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Tuesday, May 03, 2016

Angela Carter, Shadow Dance (1966)

Well, it's Carter's first novel, of which she was apparently embarrassed in retrospect. But having determined that I'm going to read her entire corpus, I think it's best to start at the beginning. There's no sense reading Nights at the Circus and Wise Children--her last two novels, and widely regarded as her best--and then having to circle around to less impressive stuff.
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The Contract

Ha!  I rescued a couple of stories that I wrote as a high school freshman from an old floppy disk.  That's pretty fun, as I'd assumed that these were non-extant.  They were all in that weird unicode you get with old word documents, where paragraph breaks are stripped out, quotation marks and apostrophes are replaced with black diamonds with question marks in them, and the whole thing is surrounded by sundry random gibberish, but it was easy enough to reformat them.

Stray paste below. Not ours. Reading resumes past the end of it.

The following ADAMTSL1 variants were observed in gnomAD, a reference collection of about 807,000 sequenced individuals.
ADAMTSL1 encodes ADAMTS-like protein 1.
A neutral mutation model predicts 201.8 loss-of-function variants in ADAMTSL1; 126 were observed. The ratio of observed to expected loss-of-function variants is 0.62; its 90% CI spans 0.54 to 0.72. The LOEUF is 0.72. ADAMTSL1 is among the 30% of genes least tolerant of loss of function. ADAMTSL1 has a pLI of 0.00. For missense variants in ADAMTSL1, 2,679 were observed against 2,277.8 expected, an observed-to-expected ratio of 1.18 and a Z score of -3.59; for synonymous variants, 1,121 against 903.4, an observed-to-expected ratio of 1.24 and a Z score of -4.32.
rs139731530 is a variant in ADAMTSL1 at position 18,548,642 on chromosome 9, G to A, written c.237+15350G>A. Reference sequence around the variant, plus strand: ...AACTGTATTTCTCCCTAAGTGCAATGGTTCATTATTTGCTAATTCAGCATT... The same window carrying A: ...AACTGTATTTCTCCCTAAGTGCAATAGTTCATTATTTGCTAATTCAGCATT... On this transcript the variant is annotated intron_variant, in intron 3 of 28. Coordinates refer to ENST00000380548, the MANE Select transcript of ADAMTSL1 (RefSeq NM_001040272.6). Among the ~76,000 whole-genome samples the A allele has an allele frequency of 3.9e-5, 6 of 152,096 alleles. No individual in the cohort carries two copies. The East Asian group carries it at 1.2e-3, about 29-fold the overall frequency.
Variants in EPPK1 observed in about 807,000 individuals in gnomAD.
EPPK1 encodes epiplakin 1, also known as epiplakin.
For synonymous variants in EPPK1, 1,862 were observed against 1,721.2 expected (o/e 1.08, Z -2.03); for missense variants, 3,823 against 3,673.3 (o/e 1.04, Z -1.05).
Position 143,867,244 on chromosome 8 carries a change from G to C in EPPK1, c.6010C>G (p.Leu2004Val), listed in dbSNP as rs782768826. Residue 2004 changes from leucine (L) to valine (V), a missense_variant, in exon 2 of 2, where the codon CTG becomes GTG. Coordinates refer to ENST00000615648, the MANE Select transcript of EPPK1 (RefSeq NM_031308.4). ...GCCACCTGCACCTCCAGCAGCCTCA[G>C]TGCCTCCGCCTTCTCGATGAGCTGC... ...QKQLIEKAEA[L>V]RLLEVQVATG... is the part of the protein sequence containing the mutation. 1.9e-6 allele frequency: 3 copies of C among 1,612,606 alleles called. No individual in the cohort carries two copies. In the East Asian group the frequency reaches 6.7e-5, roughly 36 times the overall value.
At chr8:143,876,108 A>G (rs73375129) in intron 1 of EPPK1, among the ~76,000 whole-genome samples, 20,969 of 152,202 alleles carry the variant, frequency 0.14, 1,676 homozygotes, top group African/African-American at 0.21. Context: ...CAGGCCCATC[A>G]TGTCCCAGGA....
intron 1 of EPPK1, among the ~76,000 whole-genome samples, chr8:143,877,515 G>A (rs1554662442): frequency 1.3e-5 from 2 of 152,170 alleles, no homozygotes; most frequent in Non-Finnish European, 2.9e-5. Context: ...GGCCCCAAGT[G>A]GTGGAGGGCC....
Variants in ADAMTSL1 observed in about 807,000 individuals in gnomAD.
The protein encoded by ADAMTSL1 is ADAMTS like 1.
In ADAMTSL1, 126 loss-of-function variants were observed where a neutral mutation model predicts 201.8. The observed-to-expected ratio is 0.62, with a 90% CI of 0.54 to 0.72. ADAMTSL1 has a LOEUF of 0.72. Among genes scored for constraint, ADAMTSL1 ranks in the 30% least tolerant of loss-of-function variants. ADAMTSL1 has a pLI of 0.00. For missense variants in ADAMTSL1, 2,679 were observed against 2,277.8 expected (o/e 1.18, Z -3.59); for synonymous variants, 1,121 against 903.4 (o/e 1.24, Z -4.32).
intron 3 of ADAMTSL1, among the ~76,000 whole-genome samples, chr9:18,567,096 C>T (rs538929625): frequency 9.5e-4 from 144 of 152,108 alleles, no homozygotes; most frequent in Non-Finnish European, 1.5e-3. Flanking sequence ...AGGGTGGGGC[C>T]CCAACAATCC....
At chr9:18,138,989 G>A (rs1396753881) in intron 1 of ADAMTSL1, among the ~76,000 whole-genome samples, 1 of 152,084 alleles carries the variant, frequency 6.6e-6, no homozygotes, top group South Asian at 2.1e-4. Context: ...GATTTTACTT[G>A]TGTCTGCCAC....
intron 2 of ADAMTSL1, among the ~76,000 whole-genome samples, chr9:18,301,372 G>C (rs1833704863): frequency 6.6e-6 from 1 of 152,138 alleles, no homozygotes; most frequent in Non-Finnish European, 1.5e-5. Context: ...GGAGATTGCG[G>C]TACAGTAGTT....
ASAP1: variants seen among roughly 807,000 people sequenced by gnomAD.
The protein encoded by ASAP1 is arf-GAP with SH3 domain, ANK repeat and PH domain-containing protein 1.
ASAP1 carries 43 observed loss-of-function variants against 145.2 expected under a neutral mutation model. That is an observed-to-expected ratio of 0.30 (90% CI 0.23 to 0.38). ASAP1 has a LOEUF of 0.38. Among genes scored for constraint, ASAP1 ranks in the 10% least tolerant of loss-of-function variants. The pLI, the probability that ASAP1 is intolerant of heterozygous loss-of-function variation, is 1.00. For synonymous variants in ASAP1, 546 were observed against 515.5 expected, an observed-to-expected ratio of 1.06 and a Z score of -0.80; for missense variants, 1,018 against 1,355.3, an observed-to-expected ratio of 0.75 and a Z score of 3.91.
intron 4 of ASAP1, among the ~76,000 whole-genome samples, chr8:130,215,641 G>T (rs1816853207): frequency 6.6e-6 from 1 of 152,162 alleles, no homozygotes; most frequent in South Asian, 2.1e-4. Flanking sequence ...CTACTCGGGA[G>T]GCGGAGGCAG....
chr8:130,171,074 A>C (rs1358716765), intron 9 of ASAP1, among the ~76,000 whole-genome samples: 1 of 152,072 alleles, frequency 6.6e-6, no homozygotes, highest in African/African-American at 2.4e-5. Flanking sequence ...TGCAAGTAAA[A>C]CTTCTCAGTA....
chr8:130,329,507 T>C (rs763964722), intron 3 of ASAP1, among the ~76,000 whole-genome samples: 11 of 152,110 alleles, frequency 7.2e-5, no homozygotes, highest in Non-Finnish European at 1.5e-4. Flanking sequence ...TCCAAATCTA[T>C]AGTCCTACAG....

This first one is something that I wrote for my English class.  Hard to say what the exact assignment was, but KNOW THIS: it was entered in the whatever contest for student writing, where it won the coveted SILVER KEY.  Not as coveted as the gold key, but what to the evs, man!  My mother took me to the award ceremony, where the presenter mispronounced both my first and last names.

As you'll see if you actually bother to look at it, it's not what you'd call a great story, but my teacher raved about it, based--clearly--on the fact that it's pretty stylistically sophisticated for something written by a fourteen-year-old.  Not much else to say, except that the ending strikes me as theologically untenable.  No one can MAKE you sell your soul to the Devil; it has to be of your own free will.  COME ON, teenage me!